Black social media documents how not to approach global political power …

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Commentary

Being a part of the African Diaspora, it is sad to see how Afro people in America and its Caribbean territories have been analyzing the Russian invasion of Ukraine through emotionally tainted lenses. On Facebook, for example, Afros quickly donned digital banners on their feeds expressing support for Ukraine. Some adopted the left-wing media narrative of tying former US president Donald J. Trump to the actions of Vladimir Putin, an easy low-hanging fruit move by Mr Trump’s detractors given his past expressions of admiration for the Russian Federation president.

The media has inundated Afro people in America and its Caribbean territories with plenty of images that stoke emotional responses. Crying children, concerned parents, people trying to leave on trains, bombed out buildings, and a young Ukrainian president in military garb are the content for countless press photos on Twitter and Facebook. Afros in America and its Caribbean territories dutifully share these photos thus aiding the narrative’s virality. What is puzzling is how Afro people in America and its Caribbean territories have not given any mention or included in their analyses similar actions taken by their own country with plenty of those actions based on contrivances just as grievous or more so than those conjured up by Mr Putin. Here are a few:

  1. The American invasion and occupation of Haiti from 1915 to 1934, under the guise of maintaining law and order so as to prevent European foreign influence in the island-nation.
  2. The American designed and supported Bay of Pigs invasion of Cuba in 1961, under the guise of stemming the influence of the Soviet Union and neutralizing Cuba’s new left-wing dictatorship.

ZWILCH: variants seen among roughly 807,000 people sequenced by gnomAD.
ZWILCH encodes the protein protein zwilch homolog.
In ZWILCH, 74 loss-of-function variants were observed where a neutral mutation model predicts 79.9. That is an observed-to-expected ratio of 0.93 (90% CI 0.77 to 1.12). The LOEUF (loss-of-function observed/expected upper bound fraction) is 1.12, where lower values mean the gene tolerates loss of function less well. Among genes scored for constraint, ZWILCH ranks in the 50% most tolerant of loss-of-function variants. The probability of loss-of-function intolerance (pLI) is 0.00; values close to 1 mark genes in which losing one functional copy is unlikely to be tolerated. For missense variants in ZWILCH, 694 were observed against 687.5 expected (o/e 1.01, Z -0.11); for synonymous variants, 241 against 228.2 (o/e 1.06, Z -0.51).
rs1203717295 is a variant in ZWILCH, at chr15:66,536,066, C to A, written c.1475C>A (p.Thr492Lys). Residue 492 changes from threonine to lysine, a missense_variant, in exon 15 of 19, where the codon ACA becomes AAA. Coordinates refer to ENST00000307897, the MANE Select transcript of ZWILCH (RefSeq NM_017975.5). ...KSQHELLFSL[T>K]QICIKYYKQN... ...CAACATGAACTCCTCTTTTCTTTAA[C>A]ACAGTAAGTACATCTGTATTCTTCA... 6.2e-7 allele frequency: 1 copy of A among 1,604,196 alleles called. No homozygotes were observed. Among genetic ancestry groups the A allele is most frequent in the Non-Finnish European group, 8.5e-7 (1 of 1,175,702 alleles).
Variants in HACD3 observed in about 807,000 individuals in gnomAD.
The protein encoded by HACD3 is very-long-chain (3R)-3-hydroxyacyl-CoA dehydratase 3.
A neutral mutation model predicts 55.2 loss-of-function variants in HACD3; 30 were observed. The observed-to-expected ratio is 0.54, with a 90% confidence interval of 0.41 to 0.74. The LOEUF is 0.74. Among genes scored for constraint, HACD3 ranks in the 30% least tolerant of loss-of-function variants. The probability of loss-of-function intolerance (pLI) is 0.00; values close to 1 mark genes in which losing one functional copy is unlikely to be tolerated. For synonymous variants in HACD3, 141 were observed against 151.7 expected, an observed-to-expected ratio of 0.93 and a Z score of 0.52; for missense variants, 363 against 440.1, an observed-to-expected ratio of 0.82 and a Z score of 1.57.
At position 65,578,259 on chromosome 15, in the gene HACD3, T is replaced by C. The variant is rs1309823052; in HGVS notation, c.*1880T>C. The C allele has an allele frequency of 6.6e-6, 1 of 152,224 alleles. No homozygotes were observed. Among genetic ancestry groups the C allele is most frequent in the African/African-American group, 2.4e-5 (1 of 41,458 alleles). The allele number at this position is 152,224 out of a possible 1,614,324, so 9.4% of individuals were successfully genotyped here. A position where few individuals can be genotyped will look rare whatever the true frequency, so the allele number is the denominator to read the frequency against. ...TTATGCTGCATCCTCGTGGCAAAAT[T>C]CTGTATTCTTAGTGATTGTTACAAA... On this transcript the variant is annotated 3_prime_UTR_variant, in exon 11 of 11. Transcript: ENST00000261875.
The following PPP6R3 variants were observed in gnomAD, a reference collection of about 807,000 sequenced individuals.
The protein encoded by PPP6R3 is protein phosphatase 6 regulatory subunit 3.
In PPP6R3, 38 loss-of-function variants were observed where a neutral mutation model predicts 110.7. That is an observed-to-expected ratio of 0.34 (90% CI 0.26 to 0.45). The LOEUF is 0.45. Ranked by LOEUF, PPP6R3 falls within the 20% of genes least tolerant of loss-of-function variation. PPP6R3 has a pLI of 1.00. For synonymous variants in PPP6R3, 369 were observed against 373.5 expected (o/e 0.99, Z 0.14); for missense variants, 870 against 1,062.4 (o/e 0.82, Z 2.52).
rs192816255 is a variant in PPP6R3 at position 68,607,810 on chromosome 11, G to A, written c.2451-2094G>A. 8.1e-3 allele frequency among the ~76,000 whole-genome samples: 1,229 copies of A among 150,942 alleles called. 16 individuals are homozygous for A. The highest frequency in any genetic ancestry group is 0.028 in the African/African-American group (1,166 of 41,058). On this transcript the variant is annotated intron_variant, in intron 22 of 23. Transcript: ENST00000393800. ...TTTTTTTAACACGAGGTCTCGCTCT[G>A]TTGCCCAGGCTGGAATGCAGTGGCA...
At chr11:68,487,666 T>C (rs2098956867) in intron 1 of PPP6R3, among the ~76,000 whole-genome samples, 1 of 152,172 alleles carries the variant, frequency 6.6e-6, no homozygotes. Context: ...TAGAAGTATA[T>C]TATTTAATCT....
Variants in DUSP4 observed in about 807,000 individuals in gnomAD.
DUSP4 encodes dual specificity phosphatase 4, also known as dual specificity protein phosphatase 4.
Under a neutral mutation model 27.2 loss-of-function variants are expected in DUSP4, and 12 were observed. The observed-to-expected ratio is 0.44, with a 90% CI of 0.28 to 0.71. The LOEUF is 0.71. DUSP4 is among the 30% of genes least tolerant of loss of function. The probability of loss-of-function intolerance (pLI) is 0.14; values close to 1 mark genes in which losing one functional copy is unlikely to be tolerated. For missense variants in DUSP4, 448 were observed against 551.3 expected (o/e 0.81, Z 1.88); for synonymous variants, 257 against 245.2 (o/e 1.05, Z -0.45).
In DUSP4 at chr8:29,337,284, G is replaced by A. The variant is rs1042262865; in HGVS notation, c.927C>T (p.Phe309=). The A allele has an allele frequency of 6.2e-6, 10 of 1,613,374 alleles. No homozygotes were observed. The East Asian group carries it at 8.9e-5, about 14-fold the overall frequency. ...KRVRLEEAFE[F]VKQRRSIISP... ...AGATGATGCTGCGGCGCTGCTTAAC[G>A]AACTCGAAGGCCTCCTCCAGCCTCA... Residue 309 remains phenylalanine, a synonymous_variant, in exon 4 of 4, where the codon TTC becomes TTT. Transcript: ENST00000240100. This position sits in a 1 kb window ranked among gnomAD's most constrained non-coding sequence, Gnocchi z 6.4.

3. The Kennedy Administration’s implied approval of the assassination of South Vietnamese president Ngo Dinh Diem who had shown himself to be ineffective in garnering the people’s support against the North Vietnamese.
  4. The United States invasion in 1983 of the island-nation of Grenada, pursuant to the assertion that an airport under construction on the island-nation was intended to serve as a staging area for Soviet Union military aircraft. Troops from Jamaica and the Organization of Eastern Caribbean States also participated.

Fast forward to today and the Russian Federation is expressing its concern for possible NATO encroachment on Russia’s borders and that invasion of Ukraine is necessary for mitigating such a threat. Afro people in America and its Caribbean territories have not taken into consideration that they have seen this behavior before on the part of the United States and that such behavior, albeit egregious, is par for the course in world politics.

And it’s not like war on the European continent is that unusual, even today. Blood on the European continent was spilled during the Yugoslav Wars from 1991 to 2001, yet none of the concerns we heard back then come close to the amplification we hear today.

Given our marginal political power status, standing on the sideline and and acting like we are at a Dallas Cowboys cheerleader audition brings no dividends. The only question that should be asked about now is, “How do we benefit from this conflict?” In the short and intermediate run, nada, especially since Ukraine is not a major trading partner of the United States or the Caribbean.

The longer run is a different matter. The removal of certain banks from the Society for Worldwide International Financial Transactions, freezing assets in American and European banks, and the suspension of the Russian stock market should not provide the African Diaspora with any reason to do back flips and shake their pom poms. Quite the opposite. It should make you scared. The world is not western Europe. The populations of China, India, and the continent of Africa alone account for over three billion people. Technology is not limited to the United States. These areas can, with a lot of feasible work, create their own regional, integrated political and economic systems and trade among themselves. If that were to happen, then Afros in America, who already, as a collective. are on the bottom rung will suffer as their US dollar loses more value and poor working families are faced with the increasingly daunting task of keeping food on the table.

Rather than sending “prayers up” for (and to) a bunch of people who, when the dust settles, will be doing better than you, it is time for Afro peoples in America and her Caribbean territories to ask themselves, “How do we prepare?”

Alton Drew

04.03.2022

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